Non-restricted, restricted and prohibited

Canada's Firearms Act was amended in 1995 requiring owners of hunting rifles and shotguns to obtain a licence and register each firearm. A deadline of Jan. 1, 2001, was imposed for licences to be obtained and all guns were to be registered by Jan. 1, 2003. The rifles and shotguns, classified as "non-restricted," were added to a central database managed by the Canadian Firearms Program (CFP) located in Miramichi, N.B. This database became known as the long-gun registry.   

The registry had previously listed only restricted and prohibited firearms, the other two classifications for guns in the Firearms Act.

According to the RCMP, there are 7.8 million firearms on the books. Of these, 7.1 million (90 per cent) are non-restricted firearms, a category that includes rifles and shotguns, but also some military-style firearms such as the Ruger Mini-14 used in the Montreal Massacre on Dec. 6, 1989, and in the recent shootings in Norway. The fact that the type of long gun that was used in the Montreal Massacre to kill 14 female students at the École Polytechnique and in the Norway shootings where 77 people died falls into the non-restricted classification worries Montreal Massacre witness Heidi Rathjen, who says, "If you take [the gun registry] away, the Conservatives will have blood on their hands."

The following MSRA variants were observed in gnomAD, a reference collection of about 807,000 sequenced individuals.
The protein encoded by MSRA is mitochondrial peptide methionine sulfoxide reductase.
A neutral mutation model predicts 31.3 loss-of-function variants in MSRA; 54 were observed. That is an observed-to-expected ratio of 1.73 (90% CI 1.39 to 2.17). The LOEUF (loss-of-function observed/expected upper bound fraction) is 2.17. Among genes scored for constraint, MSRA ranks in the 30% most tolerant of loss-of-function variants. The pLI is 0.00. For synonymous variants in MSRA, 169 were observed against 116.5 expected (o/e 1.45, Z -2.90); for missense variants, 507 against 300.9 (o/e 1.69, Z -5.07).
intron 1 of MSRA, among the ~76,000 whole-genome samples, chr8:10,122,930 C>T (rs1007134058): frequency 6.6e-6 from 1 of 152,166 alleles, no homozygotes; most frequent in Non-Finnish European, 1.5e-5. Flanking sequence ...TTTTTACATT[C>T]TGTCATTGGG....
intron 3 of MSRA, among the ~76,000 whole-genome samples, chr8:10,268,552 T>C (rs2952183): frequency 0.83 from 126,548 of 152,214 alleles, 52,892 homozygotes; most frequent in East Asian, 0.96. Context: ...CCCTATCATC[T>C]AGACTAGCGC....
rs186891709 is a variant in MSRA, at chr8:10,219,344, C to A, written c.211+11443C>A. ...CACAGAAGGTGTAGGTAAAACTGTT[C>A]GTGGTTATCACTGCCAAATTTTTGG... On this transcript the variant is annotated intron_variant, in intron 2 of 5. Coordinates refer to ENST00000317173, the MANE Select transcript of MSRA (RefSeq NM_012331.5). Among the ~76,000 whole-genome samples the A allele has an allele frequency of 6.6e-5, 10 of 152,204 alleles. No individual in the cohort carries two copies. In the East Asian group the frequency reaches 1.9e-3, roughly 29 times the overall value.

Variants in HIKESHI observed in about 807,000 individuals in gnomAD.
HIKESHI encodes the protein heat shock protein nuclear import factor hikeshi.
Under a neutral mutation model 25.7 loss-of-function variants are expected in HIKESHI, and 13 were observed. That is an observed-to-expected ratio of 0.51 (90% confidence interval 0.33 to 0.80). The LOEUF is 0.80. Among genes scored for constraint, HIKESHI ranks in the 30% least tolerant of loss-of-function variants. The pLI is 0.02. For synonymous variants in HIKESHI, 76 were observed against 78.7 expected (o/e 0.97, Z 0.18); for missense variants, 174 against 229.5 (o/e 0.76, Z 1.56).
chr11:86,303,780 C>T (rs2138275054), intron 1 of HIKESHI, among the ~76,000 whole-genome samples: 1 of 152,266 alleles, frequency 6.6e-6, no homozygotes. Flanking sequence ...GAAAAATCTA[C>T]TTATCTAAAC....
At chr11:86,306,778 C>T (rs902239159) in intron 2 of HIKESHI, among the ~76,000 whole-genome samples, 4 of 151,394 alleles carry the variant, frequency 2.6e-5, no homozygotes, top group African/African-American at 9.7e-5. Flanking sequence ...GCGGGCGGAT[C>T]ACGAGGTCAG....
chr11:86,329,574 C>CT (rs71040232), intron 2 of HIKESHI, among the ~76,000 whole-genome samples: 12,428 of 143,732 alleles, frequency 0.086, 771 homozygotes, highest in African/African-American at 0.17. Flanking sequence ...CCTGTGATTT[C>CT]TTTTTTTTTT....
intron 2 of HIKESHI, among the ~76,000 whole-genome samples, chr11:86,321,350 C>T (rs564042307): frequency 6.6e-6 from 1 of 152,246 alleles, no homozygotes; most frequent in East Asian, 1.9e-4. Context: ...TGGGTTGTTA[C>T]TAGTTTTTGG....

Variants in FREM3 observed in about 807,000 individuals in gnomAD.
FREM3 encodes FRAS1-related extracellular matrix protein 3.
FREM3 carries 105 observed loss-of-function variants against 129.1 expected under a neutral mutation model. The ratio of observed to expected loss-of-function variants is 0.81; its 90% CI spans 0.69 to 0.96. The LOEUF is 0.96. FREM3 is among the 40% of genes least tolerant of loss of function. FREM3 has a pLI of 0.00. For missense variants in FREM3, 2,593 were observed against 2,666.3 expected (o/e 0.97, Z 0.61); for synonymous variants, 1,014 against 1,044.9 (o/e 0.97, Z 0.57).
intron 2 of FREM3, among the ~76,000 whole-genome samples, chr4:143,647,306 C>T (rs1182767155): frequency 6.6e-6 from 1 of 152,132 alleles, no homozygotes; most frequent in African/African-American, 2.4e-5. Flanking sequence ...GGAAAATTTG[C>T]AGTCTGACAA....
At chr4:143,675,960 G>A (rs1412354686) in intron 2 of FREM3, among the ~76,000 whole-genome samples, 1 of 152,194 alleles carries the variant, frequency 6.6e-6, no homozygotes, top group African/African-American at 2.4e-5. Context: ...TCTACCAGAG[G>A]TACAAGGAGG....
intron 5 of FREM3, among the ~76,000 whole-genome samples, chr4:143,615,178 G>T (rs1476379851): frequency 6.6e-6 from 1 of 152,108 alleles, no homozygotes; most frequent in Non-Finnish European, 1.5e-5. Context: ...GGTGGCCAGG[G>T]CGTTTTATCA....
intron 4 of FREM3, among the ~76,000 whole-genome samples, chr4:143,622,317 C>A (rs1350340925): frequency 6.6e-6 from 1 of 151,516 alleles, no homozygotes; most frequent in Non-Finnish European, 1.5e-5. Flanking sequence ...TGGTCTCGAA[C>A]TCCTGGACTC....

Bill C-19: Amending The Firearms Act

The Firearms Act is intended to keep guns out of the hands of those deemed to be a danger to themselves or others. To meet these objectives, the Criminal Code of Canada governs the licensing of restricted and prohibited guns.